Jean Howard

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Jean Howard
Jean Howard publ.jpg
Howard in 1930s
Ernestine Hill

(1910-10-13)October 13, 1910
DiedMarch 20, 2000(2000-03-20) (aged 89)
Resting placeHollywood Forever Cemetery, Hollywood, California, U.S.
OccupationActress · Photographer
Known forPhotography
(m. 1935; div. 1947)

Tony Santoro
(m. 1973)

Jean Howard (born Ernestine Hill; October 13, 1910 – March 20, 2000) was an American actress and professional photographer.[1] She was born in Longview, Texas and died in Beverly Hills, California.

Early years[edit]

Howard was born Ernestine Hill on October 13, 1919, in Longview, Texas. She grew up in Dallas, and her father traveled as a salesman. When she was a teenager, she accompanied her nephew to a photographic studio to have his portrait taken. Paul Mahoney, the photographer, took her photograph, which led to his becoming her teacher and mentor. "Young, eager, and frustrated," Howard changed her name to Ernestine Mahoney and began participating in beauty contests and fashion shows.[2] Her father paid her expenses while Mahoney taught her.[2]

Howard acted in local theatrical productions before she went to Hollywood in the late 1920s and became a part of the Studio Club, a group for women who hoped to act in films.[2]


Howard's time as a Goldwyn Girl began when she responded to an advertisement. Her film debut came in Whoopee (1930). Florenz Ziegfeld Jr. selected Howard as one of four women from that film to appear in his upcoming musical production, Smiles, but she had to go to Dallas after her father died in an automobile accident. Ziegfeld gave her a role in the 1931 edition of the Ziegfeld Follies, billing her as Jean Howard. She next appeared in Ziegfeld's Hot-Cha (1932).[2]

A contract with MGM resulted in Howard's appearing in The Prizefighter and the Lady (1933) and Broadway to Hollywood (1933). She also appeared in Claudia (1943),[2] Break of Hearts, Dancing Lady, and The Final Hour.[3]

Howard studied photography at the Los Angeles Art Center. She appeared on Broadway in the productions: The Age of Innocence with Franchot Tone and Evensong.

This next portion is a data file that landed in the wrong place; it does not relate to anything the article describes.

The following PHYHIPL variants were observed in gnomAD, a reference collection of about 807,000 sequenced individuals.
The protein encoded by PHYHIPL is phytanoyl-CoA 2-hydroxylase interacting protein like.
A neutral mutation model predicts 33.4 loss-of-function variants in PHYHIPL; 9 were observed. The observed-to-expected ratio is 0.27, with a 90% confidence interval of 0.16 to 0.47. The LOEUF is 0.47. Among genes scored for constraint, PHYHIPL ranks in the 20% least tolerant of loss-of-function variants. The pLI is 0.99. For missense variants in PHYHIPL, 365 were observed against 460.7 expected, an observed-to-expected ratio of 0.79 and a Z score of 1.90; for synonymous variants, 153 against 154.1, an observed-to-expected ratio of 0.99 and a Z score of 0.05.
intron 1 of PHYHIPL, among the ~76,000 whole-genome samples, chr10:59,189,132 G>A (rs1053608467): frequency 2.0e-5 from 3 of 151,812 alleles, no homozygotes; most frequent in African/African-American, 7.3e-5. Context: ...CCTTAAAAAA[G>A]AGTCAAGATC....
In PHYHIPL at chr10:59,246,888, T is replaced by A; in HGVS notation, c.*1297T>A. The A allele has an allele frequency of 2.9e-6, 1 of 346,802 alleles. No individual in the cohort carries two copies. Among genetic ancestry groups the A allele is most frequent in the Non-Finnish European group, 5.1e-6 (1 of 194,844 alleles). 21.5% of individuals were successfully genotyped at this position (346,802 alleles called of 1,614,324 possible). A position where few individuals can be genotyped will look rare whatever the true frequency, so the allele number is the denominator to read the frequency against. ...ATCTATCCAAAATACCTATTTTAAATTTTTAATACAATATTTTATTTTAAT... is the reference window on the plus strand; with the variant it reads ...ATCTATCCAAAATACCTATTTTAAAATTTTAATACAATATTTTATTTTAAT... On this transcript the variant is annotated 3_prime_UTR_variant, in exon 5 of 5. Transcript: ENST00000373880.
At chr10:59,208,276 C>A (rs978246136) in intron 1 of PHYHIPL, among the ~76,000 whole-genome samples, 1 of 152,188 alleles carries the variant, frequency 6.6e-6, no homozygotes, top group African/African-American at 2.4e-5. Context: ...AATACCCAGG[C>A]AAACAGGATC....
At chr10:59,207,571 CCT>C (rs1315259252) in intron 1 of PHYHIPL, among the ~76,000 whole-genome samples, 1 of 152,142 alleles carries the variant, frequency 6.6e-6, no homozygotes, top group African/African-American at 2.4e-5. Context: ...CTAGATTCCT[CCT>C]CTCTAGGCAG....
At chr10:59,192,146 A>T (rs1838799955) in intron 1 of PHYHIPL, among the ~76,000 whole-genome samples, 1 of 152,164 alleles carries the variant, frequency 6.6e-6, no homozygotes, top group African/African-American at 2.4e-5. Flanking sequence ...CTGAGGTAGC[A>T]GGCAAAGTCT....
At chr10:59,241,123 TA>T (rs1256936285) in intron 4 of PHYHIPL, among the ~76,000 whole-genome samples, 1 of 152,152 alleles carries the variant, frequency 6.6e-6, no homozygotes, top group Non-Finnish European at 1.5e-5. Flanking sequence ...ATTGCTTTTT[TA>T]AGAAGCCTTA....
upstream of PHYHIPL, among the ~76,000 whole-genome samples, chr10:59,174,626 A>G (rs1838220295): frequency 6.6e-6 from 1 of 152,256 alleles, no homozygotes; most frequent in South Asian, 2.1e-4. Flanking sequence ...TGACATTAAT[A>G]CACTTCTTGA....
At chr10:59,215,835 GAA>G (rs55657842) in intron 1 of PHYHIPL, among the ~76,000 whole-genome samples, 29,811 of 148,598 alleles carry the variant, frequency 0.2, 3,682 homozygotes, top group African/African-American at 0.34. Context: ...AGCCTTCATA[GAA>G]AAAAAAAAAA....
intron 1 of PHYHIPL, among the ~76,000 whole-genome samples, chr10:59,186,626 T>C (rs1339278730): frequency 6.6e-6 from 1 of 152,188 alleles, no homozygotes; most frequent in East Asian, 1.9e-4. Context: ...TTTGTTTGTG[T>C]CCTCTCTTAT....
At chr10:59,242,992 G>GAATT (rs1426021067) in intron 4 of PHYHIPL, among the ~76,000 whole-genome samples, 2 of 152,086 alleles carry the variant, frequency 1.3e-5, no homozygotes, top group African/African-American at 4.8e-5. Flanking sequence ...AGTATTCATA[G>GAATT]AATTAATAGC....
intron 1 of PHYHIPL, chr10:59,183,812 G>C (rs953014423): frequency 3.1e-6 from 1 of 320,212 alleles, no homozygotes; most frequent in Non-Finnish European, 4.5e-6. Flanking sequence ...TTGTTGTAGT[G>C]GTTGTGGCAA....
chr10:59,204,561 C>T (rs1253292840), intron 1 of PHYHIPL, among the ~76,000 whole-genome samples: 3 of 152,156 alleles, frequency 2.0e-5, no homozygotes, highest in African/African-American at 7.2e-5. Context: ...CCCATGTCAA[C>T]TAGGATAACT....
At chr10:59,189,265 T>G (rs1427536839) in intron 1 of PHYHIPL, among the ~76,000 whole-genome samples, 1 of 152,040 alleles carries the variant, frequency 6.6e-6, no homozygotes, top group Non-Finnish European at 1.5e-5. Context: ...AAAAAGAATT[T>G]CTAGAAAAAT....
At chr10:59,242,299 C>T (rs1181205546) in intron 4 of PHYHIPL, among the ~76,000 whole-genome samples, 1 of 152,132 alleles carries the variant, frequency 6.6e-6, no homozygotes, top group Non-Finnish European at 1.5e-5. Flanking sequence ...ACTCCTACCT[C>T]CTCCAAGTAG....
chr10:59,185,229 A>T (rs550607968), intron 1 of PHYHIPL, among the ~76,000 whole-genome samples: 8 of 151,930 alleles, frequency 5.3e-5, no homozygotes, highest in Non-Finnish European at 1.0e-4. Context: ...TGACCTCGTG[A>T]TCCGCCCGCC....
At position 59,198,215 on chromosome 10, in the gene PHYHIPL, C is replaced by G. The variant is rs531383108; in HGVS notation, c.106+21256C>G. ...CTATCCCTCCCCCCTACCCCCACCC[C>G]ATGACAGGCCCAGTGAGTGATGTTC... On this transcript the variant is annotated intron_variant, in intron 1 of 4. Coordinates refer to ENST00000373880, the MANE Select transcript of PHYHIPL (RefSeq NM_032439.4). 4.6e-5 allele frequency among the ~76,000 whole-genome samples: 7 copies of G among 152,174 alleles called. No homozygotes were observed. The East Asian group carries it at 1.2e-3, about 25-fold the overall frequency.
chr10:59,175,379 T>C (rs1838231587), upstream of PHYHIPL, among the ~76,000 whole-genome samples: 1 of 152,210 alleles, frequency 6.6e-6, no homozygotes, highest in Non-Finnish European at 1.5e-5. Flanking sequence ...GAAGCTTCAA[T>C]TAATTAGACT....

Howard and Cole Porter in early 1954

She often used her camera to capture moments from Hollywood during the 1940s and 1950s. She photographed parties, gatherings, sports tournaments, etc., shooting Tyrone Power, Gene Tierney, Richard Burton, Cole Porter, Judy Garland, Grace Kelly, Hedy Lamarr, Jennifer Jones, Deborah Kerr, Geraldine Page, Ethel Barrymore, Laurence Olivier and Vivien Leigh. Two books of her photographs were published, Jean Howard's Hollywood: A Photo Memoir (1989) and Travels With Cold Porter (1991).[4]

Personal life and death[edit]

Howard married Hollywood talent agent Charles K. Feldman on August 25, 1934, in Harrison, New York,[5] and they divorced in 1948, the couple continued to live together until his death in 1968. The union was childless.[6] She married Tony Santoro, a musician from Italy, in 1973.[2]

Howard died on March 20, 2000, in her Beverly Hills, California, home.[3] She was buried in Hollywood Forever Cemetery.[7]


  1. ^ Martin, Douglas (March 24, 2000). "Jean Howard, the House Photographer For Hollywood's Glamour Set, Dies at 89". New York Times.
  2. ^ a b c d e f Vallance, Tom (April 1, 2000). "Jean Howard". The Independent. England, London. p. 39. Retrieved October 15, 2022 – via
  3. ^ a b Willis, John; Monush, Barry (March 25, 2002). Screen World 2001. Hal Leonard Corporation. p. 344. ISBN 978-1-55783-478-2. Retrieved October 15, 2022.
  4. ^ Reed, Christopher (April 8, 2000). "Jean Howard". The Guardian. England, London. p. 24. Retrieved October 15, 2022 – via
  5. ^ "Jean Howard married". The New York Times. August 26, 1934. p. N 6. Retrieved October 15, 2022.
  6. ^ Vanity Fair: "Pictures of Jean" by Ben Brantley February 3, 2014
  7. ^ Ellenberger, Allan R. (May 1, 2001). Celebrities in Los Angeles Cemeteries: A Directory. McFarland. p. 132. ISBN 978-0-7864-0983-9. Retrieved October 15, 2022.


External links[edit]